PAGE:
Pain also has the terrifying characteristic of making us imagine that it will last forever. We can’t imagine how or when the terrible feeling might stop because we feel incapable of stopping it ourselves, nor see the conditions under which it might do so itself. It feels unbearable even for another second, let alone the rest of our lives. We surrender to our fear. It’s as if we have been fundamentally broken and can never be made whole again. The world has become a suddenly terrifying and dangerous place, and the sun will shine on us no more, ever. The commiseration and assurance of those who (still) love us – that time heals all wounds blah, blah, blah – is cold comfort indeed. We don’t believe it, and sink further into morass and desperation, and thus complicate the course and extend the duration of our acute agony, our distress, and our pain.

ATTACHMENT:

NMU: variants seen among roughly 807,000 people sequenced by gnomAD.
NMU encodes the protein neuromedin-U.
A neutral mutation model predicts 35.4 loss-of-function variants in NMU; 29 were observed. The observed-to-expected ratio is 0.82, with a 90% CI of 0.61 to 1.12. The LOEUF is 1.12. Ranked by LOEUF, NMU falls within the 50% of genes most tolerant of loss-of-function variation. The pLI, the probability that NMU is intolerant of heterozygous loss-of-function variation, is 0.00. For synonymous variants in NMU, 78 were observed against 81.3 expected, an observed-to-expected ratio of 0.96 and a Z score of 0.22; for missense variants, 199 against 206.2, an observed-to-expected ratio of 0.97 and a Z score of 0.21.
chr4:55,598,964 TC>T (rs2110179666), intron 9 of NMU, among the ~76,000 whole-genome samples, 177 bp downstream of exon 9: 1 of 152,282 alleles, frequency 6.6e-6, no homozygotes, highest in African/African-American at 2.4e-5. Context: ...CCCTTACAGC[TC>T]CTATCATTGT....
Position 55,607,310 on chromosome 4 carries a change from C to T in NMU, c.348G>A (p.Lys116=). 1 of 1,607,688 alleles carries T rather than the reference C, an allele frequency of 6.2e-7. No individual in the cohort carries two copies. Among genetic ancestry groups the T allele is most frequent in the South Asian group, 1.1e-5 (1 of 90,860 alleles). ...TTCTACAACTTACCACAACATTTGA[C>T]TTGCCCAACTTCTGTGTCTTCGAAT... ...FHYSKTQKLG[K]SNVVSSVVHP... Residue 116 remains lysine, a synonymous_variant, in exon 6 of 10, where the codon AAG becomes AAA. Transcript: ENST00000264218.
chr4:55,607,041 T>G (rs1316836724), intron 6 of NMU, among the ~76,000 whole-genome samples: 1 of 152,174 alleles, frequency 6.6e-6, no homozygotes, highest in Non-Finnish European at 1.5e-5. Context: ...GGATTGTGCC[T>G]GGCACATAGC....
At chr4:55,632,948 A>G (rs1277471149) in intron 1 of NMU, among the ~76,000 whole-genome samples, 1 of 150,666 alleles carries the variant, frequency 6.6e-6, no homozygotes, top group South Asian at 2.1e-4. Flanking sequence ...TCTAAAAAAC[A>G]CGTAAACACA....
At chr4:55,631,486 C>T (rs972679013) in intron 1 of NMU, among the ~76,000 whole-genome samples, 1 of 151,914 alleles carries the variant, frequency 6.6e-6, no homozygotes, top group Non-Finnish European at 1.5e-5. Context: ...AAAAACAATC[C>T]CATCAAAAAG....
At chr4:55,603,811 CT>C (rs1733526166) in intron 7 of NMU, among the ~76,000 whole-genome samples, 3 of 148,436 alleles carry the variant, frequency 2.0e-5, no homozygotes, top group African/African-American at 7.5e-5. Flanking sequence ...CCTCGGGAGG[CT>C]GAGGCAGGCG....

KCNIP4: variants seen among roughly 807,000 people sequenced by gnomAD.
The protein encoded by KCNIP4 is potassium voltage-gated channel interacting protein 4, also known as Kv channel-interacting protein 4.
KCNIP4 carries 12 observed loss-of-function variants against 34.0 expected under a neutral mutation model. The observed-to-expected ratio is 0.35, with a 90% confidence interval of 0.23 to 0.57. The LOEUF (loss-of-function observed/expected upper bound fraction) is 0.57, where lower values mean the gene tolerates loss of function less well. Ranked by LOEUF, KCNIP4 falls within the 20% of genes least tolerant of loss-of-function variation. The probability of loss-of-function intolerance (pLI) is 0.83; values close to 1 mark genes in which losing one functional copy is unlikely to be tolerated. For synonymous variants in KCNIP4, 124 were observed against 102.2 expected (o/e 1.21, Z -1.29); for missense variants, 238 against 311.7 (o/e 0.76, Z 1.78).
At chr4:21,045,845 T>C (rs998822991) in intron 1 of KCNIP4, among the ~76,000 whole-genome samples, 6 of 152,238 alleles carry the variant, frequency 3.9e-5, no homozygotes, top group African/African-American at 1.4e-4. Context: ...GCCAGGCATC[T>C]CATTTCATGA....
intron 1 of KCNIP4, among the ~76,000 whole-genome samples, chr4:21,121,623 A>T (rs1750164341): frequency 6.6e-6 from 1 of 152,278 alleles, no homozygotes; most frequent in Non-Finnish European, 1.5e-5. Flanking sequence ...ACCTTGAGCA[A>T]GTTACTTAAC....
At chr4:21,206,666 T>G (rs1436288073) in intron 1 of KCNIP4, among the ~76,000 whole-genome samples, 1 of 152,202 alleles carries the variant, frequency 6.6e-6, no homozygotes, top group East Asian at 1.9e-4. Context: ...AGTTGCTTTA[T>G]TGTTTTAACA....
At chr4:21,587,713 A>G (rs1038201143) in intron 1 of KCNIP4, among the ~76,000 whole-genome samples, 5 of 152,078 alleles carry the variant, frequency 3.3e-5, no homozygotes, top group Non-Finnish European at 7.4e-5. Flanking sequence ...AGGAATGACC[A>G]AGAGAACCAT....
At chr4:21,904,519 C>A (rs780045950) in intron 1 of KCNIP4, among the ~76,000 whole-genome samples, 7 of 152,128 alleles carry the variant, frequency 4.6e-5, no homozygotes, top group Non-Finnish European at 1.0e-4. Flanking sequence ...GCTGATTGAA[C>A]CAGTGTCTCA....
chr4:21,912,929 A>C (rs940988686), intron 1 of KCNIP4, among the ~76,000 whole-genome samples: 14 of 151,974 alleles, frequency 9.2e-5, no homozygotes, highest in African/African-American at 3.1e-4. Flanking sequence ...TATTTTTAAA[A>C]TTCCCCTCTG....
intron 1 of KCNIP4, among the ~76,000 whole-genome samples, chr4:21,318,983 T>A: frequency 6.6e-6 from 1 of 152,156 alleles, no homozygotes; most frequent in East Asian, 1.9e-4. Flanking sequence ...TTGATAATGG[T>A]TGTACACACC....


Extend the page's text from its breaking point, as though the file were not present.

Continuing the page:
But everything will be OK, it’s true. Eventually. Our difficulty, our primary obstacle, is in seeing it in those moments when we need to the most. Prostrate and paralysed, we might have little recourse to the physical or emotional action that is required to deliver ourselves to safety. Incredibly, though, our intellectual faculties remain intact and can be directed to good purpose. If we can learn to change our perception of the situation we are in and align ourselves to a radically different sense of principles, that insight becomes a powerful tool that can change our lives in a remarkable way. It can heal not only our wounds, but the scars which are the true burden that we carry through life.